The Open Rights Group submitted a Freedom of Information request to see the correspondence between Mindgeek and the BBFC, which showed that Mindgeek have been putting pressure on BBFC via private emails to regulate all the four million sites on Sky’s adult content block list, and block any sites that are non-compliant by the deadline by default. It would be great for Mindgeek if every other adult site on the web were regulated, because their tube sites almost certainly will be, and they don’t want to be the only ones. Blocking the competition is an easy way to increase market dominance. Under the ATVOD regime there were noted examples of site owners reporting their competitor’s websites so that their competitor would get regulated and they wouldn’t, giving themselves a business advantage. If this kind of game-playing was permitted by the AV regulator, it would be an unjust and ineffective implementation of the law.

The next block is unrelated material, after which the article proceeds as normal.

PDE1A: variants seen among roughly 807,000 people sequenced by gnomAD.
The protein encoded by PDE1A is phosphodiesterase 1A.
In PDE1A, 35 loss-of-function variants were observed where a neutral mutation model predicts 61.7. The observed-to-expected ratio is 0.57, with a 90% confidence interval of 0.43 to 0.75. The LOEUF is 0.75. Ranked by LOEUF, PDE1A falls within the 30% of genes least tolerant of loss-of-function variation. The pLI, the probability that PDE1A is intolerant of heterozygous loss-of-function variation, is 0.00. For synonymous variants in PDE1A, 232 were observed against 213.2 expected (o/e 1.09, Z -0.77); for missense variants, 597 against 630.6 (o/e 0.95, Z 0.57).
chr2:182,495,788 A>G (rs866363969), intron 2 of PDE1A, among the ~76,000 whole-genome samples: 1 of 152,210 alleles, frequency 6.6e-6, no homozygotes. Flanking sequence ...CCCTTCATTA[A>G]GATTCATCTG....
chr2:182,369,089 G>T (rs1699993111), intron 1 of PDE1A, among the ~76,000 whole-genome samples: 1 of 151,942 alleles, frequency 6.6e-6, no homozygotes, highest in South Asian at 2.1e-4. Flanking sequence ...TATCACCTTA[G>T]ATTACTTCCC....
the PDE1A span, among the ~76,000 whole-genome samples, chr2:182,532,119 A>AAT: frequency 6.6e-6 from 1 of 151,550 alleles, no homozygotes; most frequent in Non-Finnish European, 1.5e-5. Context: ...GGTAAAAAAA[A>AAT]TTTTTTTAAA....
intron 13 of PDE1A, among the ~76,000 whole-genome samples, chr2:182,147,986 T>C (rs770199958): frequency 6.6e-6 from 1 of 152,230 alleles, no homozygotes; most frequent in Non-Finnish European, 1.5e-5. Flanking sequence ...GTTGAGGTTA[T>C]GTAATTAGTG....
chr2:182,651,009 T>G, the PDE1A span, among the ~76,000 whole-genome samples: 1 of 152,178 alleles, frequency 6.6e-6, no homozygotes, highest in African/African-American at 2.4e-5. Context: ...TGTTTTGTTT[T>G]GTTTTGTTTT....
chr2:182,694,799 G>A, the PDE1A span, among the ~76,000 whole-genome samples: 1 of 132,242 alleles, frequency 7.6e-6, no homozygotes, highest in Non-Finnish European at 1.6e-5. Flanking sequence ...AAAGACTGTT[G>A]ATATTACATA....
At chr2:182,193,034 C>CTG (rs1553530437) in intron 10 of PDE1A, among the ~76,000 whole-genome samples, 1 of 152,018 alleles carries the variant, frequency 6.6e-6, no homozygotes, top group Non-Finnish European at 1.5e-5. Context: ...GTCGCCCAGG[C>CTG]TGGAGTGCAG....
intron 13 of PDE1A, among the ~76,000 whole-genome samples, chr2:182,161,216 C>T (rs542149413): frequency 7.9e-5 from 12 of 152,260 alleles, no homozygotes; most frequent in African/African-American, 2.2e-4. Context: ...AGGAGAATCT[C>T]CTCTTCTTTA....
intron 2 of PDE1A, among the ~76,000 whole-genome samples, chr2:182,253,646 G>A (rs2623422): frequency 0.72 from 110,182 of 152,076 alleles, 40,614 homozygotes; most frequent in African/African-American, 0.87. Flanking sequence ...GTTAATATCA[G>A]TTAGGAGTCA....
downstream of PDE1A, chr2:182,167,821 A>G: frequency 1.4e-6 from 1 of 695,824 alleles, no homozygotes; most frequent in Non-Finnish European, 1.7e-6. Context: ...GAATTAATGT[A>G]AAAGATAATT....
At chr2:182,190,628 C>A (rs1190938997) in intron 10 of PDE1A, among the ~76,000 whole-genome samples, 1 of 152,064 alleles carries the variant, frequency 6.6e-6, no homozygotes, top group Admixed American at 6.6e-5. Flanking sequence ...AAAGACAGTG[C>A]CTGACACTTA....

Mindgeek’s request sounds silly because it is. There’s no way they can co-opt the UK AV regulator to block the entire adult internet. Smaller sites which don’t rely on a known brand URL can easily change domain names and IP address to avoid detection, or setting up multiple mirrors. New sites start up every day, and catching them all is a Pokémon game the regulator can’t win.

With web blocking on the table, the stakes are high. I know first hand how damaging it is to have your business taken offline. Even after winning my appeal, the harm caused by a ten month downtime was not survivable. One of the conditions for appointing an AV regulator is that arrangements for appeals must be in place, and handled by a person “sufficiently independent of the age-verification regulator”. So that, too, needs to be pinned down before the regulator can be appointed; until then, we don’t know who will be handling appeals or how they will work.